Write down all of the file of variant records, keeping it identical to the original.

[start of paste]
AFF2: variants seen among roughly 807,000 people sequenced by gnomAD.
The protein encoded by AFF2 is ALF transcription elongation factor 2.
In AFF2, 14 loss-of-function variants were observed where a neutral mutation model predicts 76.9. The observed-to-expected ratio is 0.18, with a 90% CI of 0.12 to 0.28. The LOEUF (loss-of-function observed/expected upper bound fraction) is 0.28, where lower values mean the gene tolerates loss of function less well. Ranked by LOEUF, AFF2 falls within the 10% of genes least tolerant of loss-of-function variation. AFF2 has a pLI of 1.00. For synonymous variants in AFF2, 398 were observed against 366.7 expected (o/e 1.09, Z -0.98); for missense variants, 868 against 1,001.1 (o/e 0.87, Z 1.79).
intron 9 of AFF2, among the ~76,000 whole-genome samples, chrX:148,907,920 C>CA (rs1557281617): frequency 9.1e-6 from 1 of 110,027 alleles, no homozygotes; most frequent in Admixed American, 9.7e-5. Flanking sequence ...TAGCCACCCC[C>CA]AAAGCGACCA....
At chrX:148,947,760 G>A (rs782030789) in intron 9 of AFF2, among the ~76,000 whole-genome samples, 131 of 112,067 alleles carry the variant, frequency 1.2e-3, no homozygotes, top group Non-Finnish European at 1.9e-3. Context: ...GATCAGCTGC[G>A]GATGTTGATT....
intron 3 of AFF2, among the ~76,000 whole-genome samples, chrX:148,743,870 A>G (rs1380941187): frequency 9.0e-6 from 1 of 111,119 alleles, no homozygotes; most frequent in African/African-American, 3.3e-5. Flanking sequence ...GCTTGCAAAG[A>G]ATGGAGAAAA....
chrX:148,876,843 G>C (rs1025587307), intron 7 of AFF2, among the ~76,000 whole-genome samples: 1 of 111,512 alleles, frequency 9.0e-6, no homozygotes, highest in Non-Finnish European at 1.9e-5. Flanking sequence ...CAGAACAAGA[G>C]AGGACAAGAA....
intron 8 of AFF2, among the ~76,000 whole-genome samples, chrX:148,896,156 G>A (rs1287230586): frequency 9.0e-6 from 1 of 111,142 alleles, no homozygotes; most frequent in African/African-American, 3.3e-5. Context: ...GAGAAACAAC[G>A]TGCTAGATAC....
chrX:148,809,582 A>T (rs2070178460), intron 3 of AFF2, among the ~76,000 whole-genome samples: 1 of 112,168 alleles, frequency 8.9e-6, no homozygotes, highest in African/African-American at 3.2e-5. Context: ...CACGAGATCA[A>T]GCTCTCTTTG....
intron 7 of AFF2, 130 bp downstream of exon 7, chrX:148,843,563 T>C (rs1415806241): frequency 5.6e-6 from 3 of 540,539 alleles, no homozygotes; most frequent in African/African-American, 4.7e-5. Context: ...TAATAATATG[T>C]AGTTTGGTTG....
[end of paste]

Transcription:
AFF2: variants seen among roughly 807,000 people sequenced by gnomAD.
The protein encoded by AFF2 is ALF transcription elongation factor 2.
In AFF2, 14 loss-of-function variants were observed where a neutral mutation model predicts 76.9. The observed-to-expected ratio is 0.18, with a 90% CI of 0.12 to 0.28. The LOEUF (loss-of-function observed/expected upper bound fraction) is 0.28, where lower values mean the gene tolerates loss of function less well. Ranked by LOEUF, AFF2 falls within the 10% of genes least tolerant of loss-of-function variation. AFF2 has a pLI of 1.00. For synonymous variants in AFF2, 398 were observed against 366.7 expected (o/e 1.09, Z -0.98); for missense variants, 868 against 1,001.1 (o/e 0.87, Z 1.79).
intron 9 of AFF2, among the ~76,000 whole-genome samples, chrX:148,907,920 C>CA (rs1557281617): frequency 9.1e-6 from 1 of 110,027 alleles, no homozygotes; most frequent in Admixed American, 9.7e-5. Flanking sequence ...TAGCCACCCC[C>CA]AAAGCGACCA....
At chrX:148,947,760 G>A (rs782030789) in intron 9 of AFF2, among the ~76,000 whole-genome samples, 131 of 112,067 alleles carry the variant, frequency 1.2e-3, no homozygotes, top group Non-Finnish European at 1.9e-3. Context: ...GATCAGCTGC[G>A]GATGTTGATT....
intron 3 of AFF2, among the ~76,000 whole-genome samples, chrX:148,743,870 A>G (rs1380941187): frequency 9.0e-6 from 1 of 111,119 alleles, no homozygotes; most frequent in African/African-American, 3.3e-5. Flanking sequence ...GCTTGCAAAG[A>G]ATGGAGAAAA....
chrX:148,876,843 G>C (rs1025587307), intron 7 of AFF2, among the ~76,000 whole-genome samples: 1 of 111,512 alleles, frequency 9.0e-6, no homozygotes, highest in Non-Finnish European at 1.9e-5. Flanking sequence ...CAGAACAAGA[G>C]AGGACAAGAA....
intron 8 of AFF2, among the ~76,000 whole-genome samples, chrX:148,896,156 G>A (rs1287230586): frequency 9.0e-6 from 1 of 111,142 alleles, no homozygotes; most frequent in African/African-American, 3.3e-5. Context: ...GAGAAACAAC[G>A]TGCTAGATAC....
chrX:148,809,582 A>T (rs2070178460), intron 3 of AFF2, among the ~76,000 whole-genome samples: 1 of 112,168 alleles, frequency 8.9e-6, no homozygotes, highest in African/African-American at 3.2e-5. Context: ...CACGAGATCA[A>T]GCTCTCTTTG....
intron 7 of AFF2, 130 bp downstream of exon 7, chrX:148,843,563 T>C (rs1415806241): frequency 5.6e-6 from 3 of 540,539 alleles, no homozygotes; most frequent in African/African-American, 4.7e-5. Context: ...TAATAATATG[T>C]AGTTTGGTTG....